3. In his statement recorded on Oct. 28, 1980 the detenu had pointed out that an estimate of 8785 bags of cement as required for the construction of the Asopalav Apartments was' prepared by Pattcons Architects, The estimate had been prepared on the basis of designs for reinforced cement concrete construction on what was mentioned as 'Elastic Theory' but Shri Kirit Parikh, Structural Engineer from Ahmedabad, had prepared designs for the R. C. C. construction not on the basis of Elastic Theory but on the basis of 'Ultimate Load Theory' and when designs were prepared on this basis the requirement of cement for R. C. C. work was reduced to 2900 bags. Along with the statement recorded on Oct. 28, 1980 the detenu had produced the certificate issued by Shri Kirit Parikh, Structural Engineer, regarding the lesser use of cement in the construction of Asopalav Apartments.
4. Throughout the grounds of detention this certificate of Shri Kirit Parikh is not referred to at all and not dealt with at all. It may be pointed out that even according to the report of the Executive Engineer, Roads and Buildings Division, Quality Control Circle, Rajkot, the quality of the construction was quite good and no fault could be found with the quality of construction of Aso-palav Apartments which was inspected by the said Executive Engineer. Even according to the report of the Executive Engineer, the construction was so carried out that lesser quantity of cement could be used than what was originally mentioned in the plans and designs prepared by Pattcons Architects. Yet, this important aspect of use of lesser quantity of cement has been completely overlooked by the detaining authority at the time of passing the detention order.
5. In Ashadevi v. K. Shivraj AIR 1979 SC 447 : 1979 Cri LJ 203 the Supreme Court stated :
It is well settled that the subjective satisfaction requisite on the part of the detaining authority, the formation of which is a condition precedent to the passing of the detention order will get vitiated if material or vital facts which would have a bearing on the issue and would influence the mind of the detaining authority one way or the other are ignored or not considered by the detaining authority before issuing the detention order.
6. In paragraph 6 of the petition it has been stated :
As against the report of the Executive Engineer, Rajkot (Quality Control, Rajkot) there is a report of partnership firm's qualified architect Shri S. V. Patel stating that they had radically changed requirement regarding the use of the cement and therefore the use of the cement was substantially reduced. The structural Engineer Shri K. C. Parikh has also given a certificate stating that the total use of the cement was substantially reduced by changing the technique of construction inasmuch as ultimate-load theory was made applicable in place of elastic theory. It is submitted that in the circumstances, no Government or officer especially empowered for the purpose can ever be satisfied that it was necessary to detain the petitioner's husband to prevent him from acting in any manner prejudicial to the maintenance of supplies of commodity essential to the community.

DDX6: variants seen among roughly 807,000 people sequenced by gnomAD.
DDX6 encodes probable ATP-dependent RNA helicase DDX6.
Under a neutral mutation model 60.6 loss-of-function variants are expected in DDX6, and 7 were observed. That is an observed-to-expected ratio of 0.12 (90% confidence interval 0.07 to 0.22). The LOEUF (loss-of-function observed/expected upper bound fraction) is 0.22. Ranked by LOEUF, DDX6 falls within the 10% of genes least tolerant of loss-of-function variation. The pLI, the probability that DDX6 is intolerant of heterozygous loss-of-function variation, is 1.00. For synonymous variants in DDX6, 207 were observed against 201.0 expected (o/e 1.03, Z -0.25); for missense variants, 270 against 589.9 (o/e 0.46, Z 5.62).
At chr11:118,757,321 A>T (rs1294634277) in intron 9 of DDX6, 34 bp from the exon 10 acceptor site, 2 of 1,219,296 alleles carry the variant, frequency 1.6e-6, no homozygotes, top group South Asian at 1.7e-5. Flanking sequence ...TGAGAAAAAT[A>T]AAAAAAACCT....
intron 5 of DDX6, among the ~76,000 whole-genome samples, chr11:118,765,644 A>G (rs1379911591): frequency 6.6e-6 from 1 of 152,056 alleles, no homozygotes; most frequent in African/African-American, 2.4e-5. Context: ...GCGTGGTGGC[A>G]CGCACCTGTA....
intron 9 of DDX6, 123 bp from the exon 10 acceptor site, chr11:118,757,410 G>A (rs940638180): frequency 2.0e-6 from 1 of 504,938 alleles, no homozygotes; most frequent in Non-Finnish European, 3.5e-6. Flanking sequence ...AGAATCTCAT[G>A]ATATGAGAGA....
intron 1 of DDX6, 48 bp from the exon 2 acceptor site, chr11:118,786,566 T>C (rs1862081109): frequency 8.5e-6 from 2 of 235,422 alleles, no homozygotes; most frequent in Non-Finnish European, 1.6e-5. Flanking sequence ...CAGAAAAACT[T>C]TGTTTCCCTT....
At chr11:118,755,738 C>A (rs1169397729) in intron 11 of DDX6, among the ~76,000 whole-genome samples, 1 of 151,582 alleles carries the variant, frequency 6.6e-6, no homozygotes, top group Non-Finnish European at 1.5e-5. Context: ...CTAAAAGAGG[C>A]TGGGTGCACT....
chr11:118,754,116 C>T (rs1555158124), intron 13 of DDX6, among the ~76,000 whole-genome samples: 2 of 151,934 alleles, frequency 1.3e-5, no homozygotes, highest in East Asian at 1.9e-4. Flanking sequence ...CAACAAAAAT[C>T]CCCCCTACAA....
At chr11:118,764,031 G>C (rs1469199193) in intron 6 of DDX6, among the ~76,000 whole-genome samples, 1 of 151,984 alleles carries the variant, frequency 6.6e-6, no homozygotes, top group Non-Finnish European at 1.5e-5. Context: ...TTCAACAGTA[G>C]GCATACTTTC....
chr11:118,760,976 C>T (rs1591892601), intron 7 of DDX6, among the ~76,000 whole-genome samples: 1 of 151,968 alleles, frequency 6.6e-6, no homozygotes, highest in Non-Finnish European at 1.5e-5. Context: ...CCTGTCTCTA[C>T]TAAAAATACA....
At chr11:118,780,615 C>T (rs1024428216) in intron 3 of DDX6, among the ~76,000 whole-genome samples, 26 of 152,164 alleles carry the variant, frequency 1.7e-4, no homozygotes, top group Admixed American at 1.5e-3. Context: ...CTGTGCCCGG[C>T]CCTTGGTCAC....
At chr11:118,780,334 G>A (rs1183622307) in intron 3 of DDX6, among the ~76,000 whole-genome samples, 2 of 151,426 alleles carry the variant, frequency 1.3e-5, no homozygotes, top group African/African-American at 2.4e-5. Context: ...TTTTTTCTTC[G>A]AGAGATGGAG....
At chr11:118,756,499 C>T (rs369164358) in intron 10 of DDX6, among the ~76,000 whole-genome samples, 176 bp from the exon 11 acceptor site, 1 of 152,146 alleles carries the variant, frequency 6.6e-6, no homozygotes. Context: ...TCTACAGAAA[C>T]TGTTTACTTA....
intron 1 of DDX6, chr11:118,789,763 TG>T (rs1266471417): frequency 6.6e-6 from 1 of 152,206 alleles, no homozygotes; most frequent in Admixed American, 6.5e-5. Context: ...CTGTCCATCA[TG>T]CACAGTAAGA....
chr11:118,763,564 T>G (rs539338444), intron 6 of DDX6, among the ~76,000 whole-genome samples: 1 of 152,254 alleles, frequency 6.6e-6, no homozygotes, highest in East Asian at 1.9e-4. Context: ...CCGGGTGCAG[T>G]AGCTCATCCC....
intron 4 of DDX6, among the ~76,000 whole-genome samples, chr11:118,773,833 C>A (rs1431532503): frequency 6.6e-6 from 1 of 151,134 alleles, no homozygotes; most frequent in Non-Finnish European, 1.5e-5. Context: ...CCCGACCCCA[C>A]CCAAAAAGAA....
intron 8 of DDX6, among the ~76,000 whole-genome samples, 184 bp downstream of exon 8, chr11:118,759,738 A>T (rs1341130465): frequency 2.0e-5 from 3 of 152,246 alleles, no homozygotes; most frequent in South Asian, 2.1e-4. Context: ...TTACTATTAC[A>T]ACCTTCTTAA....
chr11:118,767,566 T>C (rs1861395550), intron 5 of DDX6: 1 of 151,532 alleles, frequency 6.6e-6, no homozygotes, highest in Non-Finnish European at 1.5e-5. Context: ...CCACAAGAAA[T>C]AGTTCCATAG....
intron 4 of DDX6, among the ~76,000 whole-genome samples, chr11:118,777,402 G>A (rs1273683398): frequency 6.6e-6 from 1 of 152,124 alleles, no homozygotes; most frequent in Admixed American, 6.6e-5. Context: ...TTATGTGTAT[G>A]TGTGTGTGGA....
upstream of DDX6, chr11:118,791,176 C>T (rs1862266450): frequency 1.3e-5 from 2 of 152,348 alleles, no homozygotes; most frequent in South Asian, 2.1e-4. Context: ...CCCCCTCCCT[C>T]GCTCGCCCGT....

In paragraph 7 of the petition it has been stated :
The petitioner states that the impugned order at Annexure A and the grounds in support of the said order at Annexure A are general and vague and on the basis of the material which was available, no authority can ever reach to the satisfaction of detaining the petitioner's husband Under Section 3 of the Act. It is submitted that therefore the order is beyond the purview of Section 3 of the Act. The' petitioner states and submits that the order suffers from non-application of mind inasmuch as the detaining authority has not at all taken into consideration the certificate of the structural engineer Shri K. C. Parikh.
In paragraph 7-A it has been pointed out ;..though it was pointed out to the Civil Supplies Authority that the structural design of the construction was radically changed so as to reduce the use of cement to less than 50% estimated requirement as per the advice by the structural engineer Shri K. C. Parikh, no efforts whatsoever were made to find out the correct position from structural engineer Shri K. C. Parikh, clearly show that all the available material was not considered by the detaining authority before the impugned order was passed.' In the affidavit-in-reply, being the affidavit of C. J. Jose, Deputy Secretary to the Government of Gujarat, Food and Civil Supplies Department, Sachivalaya, Gandhinagar, being the affidavit dated Feb. 9, 1981', in para 6 while dealing with para 6 of the petition, the deponent says :...on careful consideration of the relevant record and the grounds of detention, respondent No. 1 was satisfied as stated hereinabove and, therefore, passed the impugned order of detention, I deny that no Government or its officer specially empowered for the purpose can ever be satisfied that it was necessary to detain the petitioner's husband to prevent him from acting in any manner prejudicial to the maintenance of supplies of commodities essential to the community.